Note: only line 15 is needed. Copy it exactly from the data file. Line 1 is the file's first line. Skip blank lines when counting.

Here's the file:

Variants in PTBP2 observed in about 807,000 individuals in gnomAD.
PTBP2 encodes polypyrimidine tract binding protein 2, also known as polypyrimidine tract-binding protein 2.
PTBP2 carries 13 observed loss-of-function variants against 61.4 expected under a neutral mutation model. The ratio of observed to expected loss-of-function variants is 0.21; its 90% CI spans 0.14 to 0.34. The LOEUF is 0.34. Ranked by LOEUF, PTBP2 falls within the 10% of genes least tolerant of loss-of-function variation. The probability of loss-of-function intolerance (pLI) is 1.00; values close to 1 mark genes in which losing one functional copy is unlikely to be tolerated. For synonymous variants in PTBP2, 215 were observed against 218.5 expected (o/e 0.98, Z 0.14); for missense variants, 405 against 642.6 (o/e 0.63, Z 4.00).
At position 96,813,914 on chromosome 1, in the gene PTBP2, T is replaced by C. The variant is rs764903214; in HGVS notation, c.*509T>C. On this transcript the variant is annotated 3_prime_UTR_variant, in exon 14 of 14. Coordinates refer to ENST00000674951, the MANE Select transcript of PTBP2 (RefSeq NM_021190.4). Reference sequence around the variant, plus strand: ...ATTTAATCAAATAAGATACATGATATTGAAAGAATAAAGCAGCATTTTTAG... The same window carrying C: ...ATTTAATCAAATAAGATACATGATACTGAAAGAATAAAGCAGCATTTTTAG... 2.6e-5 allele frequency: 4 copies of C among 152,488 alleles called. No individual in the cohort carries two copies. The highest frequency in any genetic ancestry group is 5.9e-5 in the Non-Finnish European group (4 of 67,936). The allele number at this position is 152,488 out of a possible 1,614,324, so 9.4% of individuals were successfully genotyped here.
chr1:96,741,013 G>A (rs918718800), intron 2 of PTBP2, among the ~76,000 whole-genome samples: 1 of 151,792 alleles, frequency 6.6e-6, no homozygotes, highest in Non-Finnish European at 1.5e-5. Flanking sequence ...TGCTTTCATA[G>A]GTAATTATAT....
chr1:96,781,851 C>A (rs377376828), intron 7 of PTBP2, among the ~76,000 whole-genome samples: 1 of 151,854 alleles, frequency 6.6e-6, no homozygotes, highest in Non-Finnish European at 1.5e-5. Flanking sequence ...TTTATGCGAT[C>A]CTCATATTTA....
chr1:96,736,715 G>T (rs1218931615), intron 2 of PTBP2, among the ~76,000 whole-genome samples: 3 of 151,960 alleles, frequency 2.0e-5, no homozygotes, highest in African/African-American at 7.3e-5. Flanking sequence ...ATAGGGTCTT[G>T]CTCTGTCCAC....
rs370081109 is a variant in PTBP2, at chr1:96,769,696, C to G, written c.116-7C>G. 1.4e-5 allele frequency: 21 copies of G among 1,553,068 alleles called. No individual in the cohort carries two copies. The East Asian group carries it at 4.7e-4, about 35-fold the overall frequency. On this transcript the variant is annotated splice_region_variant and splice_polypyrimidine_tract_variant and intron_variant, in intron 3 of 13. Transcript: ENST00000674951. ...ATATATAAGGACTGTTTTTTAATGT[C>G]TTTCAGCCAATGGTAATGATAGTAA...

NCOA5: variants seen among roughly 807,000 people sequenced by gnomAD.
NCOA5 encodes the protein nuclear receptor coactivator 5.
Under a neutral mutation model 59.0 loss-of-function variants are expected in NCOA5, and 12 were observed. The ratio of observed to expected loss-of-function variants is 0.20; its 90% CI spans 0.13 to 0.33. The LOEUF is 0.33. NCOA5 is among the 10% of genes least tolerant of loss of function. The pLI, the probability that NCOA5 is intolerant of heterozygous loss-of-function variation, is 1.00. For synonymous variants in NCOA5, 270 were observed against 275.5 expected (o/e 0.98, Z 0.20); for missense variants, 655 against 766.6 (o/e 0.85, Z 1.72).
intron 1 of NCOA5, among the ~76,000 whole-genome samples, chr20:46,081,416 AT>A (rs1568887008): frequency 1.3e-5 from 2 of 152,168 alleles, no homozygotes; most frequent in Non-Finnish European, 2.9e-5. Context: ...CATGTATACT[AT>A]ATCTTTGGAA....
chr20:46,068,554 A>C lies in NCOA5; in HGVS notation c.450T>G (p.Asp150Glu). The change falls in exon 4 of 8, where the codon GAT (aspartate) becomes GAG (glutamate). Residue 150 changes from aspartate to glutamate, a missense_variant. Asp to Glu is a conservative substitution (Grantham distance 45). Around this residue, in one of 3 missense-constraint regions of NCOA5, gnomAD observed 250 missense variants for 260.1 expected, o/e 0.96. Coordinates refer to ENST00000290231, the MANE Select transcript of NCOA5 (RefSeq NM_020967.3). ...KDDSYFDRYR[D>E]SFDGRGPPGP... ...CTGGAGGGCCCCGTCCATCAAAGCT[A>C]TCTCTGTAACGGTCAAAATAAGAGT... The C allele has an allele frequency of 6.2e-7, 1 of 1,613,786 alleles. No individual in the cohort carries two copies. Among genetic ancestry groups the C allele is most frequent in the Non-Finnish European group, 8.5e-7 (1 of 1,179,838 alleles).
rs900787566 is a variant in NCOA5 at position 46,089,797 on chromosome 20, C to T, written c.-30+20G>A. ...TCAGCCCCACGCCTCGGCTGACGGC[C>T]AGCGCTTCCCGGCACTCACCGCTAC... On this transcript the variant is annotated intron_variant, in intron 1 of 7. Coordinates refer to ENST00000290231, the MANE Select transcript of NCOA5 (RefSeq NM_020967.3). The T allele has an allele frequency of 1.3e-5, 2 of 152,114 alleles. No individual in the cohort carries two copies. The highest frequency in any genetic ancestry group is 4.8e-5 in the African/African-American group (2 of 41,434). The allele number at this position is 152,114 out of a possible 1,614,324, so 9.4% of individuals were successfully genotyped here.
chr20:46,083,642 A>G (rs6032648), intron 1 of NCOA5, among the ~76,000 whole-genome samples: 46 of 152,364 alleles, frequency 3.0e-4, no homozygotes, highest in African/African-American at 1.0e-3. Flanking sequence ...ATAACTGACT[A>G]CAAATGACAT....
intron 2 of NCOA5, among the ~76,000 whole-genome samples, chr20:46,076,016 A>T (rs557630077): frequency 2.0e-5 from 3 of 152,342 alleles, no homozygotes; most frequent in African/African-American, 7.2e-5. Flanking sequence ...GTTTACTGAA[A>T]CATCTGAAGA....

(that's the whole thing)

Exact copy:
chr20:46,083,642 A>G (rs6032648), intron 1 of NCOA5, among the ~76,000 whole-genome samples: 46 of 152,364 alleles, frequency 3.0e-4, no homozygotes, highest in African/African-American at 1.0e-3. Flanking sequence ...ATAACTGACT[A>G]CAAATGACAT....